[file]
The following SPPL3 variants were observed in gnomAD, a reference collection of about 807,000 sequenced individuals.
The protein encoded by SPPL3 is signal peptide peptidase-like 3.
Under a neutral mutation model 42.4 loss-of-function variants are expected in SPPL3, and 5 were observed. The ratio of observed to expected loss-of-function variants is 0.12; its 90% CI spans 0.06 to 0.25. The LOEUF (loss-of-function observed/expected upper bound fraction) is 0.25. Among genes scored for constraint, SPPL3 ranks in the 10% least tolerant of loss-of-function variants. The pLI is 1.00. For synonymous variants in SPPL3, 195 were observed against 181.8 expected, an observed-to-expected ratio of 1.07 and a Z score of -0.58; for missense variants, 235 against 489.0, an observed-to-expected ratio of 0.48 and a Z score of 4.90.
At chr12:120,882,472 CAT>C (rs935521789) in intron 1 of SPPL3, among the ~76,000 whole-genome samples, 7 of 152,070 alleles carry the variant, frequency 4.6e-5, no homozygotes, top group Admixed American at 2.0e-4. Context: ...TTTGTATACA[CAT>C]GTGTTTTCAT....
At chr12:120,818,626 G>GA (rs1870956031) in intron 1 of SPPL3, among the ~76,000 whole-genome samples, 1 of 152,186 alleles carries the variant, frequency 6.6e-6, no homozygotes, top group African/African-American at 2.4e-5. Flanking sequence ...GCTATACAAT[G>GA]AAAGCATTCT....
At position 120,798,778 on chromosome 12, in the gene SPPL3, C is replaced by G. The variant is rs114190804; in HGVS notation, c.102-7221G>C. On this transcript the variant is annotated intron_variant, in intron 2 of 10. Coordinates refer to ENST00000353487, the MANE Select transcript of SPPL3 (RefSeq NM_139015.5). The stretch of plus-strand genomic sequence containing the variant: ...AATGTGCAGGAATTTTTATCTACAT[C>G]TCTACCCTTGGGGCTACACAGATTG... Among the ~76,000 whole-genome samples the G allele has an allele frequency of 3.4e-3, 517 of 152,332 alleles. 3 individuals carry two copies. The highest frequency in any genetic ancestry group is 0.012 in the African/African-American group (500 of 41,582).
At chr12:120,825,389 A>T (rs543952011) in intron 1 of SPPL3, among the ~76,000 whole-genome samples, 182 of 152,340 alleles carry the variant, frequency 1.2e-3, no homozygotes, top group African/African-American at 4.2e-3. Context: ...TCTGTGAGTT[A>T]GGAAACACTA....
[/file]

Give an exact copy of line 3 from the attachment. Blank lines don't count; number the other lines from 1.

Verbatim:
Under a neutral mutation model 42.4 loss-of-function variants are expected in SPPL3, and 5 were observed. The ratio of observed to expected loss-of-function variants is 0.12; its 90% CI spans 0.06 to 0.25. The LOEUF (loss-of-function observed/expected upper bound fraction) is 0.25. Among genes scored for constraint, SPPL3 ranks in the 10% least tolerant of loss-of-function variants. The pLI is 1.00. For synonymous variants in SPPL3, 195 were observed against 181.8 expected, an observed-to-expected ratio of 1.07 and a Z score of -0.58; for missense variants, 235 against 489.0, an observed-to-expected ratio of 0.48 and a Z score of 4.90.